How to ring sequential with Queue app in Asterisk 13 and Realtime

Hello to all, I read many posts about a specific situation and issue that happen since 2011 in this community and others. Basically I have a scenario that need to ring some Endpoints sequential and then repeat the ring looping.

It should be the “linear” strategy of Queue app, and work with this not using Realtime, but this option doesn’t work with Asterisk in Realtime, when we add the sequence order it works well, but when the Asterisk is restarted the sequence is lost.

With this scenario I am trying to solve the situation using strategy “ringall” with penalties applies and queue_rules. I setup the Queues with the pictures bellow:


I made these settings but is not working just is ringing the first Endpoint “PJSIP/19001003” with the penalty 1… after 30 seconds the queue rule is not changing to “PJSIP/11001015”.

Can anyone help me to solve this case?

Some references about this subject:
Queue strategy “Linear” with Asterisk 16 on Realtime → (year 2020)
Queue strategy "Linear" with Asterisk 13 PJSIP and Realtime → (year 2020)
[asterisk-dev] Queue realtime and members ordering → (year 2015)
[ASTERISK-18480] Linear queue orders real time members alphabetically by their interface. - Digium/Asterisk JIRA → (year 2011)

Additional to the post, this topic is in analyze under the ticket:

I’m not convinced that this is to do with realtime.

Asterisk will only re-evaluate penalties when there is a timeout on calling an agent. It won’t cancel a call just because the agent ceased to be eligible. That could result in undesirable behaviour, like ringing an agent for just one second.

Also, the bug report quoted contains a statement:

That field is a Primary Key, so the result from any MySQL command is returned ordered by that field.

Relational database won’t guarantee a particular return order unless there is an explicit ORDER BY. Otherwise they are free to choose whatever is the most efficient processing order. Often that is primary key order, but they might, for example, satisfy a query from the contents of a secondary index.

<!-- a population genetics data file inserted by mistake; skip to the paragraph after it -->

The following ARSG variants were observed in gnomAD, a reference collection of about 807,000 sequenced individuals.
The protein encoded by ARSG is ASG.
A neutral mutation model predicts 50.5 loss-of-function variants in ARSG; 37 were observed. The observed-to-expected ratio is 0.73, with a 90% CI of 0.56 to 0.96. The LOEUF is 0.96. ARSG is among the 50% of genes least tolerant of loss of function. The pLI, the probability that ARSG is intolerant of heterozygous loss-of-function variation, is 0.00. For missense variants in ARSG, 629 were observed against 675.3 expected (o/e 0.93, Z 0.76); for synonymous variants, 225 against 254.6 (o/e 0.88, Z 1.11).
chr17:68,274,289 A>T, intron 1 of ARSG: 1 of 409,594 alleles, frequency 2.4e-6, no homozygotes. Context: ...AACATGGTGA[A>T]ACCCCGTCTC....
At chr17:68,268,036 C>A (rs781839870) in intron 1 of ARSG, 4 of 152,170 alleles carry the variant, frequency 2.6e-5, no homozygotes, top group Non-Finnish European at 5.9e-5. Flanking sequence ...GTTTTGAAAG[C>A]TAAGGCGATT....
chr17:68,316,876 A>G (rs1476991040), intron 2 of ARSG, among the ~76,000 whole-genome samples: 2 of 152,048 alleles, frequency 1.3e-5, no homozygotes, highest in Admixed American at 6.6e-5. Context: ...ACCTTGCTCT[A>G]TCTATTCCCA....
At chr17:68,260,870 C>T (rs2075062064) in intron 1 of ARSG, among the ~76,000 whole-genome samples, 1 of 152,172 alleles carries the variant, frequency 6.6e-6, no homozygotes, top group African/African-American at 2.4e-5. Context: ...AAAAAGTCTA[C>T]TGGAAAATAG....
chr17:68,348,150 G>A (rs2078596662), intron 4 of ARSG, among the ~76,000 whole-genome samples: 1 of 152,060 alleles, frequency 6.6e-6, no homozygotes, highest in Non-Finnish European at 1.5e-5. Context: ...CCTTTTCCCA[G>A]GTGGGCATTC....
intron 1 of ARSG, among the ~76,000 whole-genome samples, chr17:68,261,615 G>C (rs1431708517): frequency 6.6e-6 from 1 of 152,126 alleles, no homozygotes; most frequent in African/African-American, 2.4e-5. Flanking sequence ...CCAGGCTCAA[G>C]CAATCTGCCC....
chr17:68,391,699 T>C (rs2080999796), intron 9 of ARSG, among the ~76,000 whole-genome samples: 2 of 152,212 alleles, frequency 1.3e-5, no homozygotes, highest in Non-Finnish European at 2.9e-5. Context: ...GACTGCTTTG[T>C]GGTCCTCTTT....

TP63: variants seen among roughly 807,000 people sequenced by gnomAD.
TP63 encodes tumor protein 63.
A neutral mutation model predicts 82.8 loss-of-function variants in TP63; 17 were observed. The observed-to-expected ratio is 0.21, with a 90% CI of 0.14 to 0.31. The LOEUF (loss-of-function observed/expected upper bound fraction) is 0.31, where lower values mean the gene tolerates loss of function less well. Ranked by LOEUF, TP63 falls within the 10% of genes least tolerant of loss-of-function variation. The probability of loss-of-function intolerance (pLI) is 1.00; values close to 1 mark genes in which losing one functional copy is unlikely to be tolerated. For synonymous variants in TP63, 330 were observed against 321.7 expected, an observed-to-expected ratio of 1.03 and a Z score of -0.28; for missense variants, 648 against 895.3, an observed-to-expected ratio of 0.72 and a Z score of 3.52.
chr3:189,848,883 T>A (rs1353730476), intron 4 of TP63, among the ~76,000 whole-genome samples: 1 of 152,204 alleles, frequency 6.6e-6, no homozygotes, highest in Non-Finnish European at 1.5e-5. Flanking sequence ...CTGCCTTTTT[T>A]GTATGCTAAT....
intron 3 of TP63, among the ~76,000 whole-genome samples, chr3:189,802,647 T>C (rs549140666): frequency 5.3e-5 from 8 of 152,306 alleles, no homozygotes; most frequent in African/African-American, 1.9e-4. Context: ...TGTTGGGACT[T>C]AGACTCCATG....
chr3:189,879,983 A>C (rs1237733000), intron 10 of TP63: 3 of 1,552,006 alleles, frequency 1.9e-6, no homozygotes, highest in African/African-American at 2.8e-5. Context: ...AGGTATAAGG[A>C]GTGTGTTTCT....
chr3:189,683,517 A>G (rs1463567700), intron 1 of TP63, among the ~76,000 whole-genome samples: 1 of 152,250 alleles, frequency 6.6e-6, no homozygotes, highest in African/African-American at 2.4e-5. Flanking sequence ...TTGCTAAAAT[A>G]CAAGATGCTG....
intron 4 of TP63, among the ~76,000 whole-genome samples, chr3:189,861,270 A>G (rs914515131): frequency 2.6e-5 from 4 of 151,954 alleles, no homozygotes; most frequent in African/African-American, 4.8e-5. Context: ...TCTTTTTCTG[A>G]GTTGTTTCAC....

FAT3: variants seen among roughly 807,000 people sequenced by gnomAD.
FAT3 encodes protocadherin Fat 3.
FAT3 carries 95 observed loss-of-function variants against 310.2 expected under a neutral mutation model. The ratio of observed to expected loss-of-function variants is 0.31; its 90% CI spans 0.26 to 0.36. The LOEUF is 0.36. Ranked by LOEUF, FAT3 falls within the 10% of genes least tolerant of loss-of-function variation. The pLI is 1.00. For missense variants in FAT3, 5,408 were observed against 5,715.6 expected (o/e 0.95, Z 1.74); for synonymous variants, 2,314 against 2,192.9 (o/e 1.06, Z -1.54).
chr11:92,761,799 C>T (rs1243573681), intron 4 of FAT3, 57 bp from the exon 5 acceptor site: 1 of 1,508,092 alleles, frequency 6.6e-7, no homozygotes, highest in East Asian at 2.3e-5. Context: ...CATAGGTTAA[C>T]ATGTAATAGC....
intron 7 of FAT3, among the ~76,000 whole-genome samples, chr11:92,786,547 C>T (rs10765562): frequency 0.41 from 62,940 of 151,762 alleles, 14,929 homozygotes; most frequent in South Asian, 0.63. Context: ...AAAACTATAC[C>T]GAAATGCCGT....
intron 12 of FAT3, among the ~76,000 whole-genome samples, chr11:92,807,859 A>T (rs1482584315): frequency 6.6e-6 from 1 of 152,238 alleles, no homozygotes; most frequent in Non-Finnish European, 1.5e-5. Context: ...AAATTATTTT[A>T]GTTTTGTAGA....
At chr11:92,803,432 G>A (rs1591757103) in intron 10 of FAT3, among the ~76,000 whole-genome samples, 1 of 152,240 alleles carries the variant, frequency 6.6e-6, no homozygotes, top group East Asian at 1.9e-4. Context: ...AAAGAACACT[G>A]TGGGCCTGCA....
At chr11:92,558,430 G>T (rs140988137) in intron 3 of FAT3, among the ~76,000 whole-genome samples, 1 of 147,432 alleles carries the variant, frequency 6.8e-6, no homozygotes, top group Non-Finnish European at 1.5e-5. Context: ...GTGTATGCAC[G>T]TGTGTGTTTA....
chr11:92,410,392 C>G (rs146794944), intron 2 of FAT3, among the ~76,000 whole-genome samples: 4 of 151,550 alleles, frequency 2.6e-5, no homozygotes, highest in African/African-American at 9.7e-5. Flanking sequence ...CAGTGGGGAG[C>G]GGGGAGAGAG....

Ordering by a unique ID field will give you a repeatable result, but I don’t think that there is any guarantee that that will correspond to the order in which records were added.

Those comment is not totally true, MySQL really order by primary as default, I tested already and when we change the PK the orders change too… but Asterisk is ordering by the field interface (PJSIP) always because it was defined in the code.

In the asterisk source code has an order by defined for the first field used in the query, then it is causing this trouble. This is my conclusion for now, I am deepening the analyzes.

The order by may well be an attempt to make the linear order work the way that people expected. The comment in the bug report seems to be assuming it works in member name order. The fact that it doesn’t may hint that there was no order by at that time.

Note that the apparently most efficient order may vary from database to database. E.g. without an order by, if you include a foreign key for queue_name, the database engine may choose between scanning the whole table, in primary key order, or seeking in the index on the foreign key and then pulling entries from the main table in the order in which they are listed in the secondary index. Which is chosen my depend on the sophistication of the query optimiser, the size of the table, the number of distinct queue names, when the query was compiled, and when the database statistics were last updated.

I will debug the sql to really discover if it is using order by or not… later I post here what I discovered

here is the prof using Asterisk 18.2.0:

2021-07-22T14:53:07.932725Z 17667 Prepare SELECT * FROM queue_members WHERE interface LIKE ? AND queue_name LIKE ? ORDER BY interface
2021-07-22T14:53:07.932780Z 17667 Execute SELECT * FROM queue_members WHERE interface LIKE ‘%’ AND queue_name LIKE ‘%’ ORDER BY interface

ORDER BY interface is defined

There appears to be more than one version of the query, at least in as much as, for an update, the queue_name is included in the query.

(LIKE ‘%’ doesn’t seem to be very sensible SQL in any of the queries. At best it is ignored, at worst, it forces a a trivial pattern match on every record.)

It looks like the first field to match on is used as the order by, so the interface LIKE % is a fudge to cause the interface to be used for sorting:


I agree, rest to know why these lines bellow were added there.

All these 3 lines has the LIKE "%"

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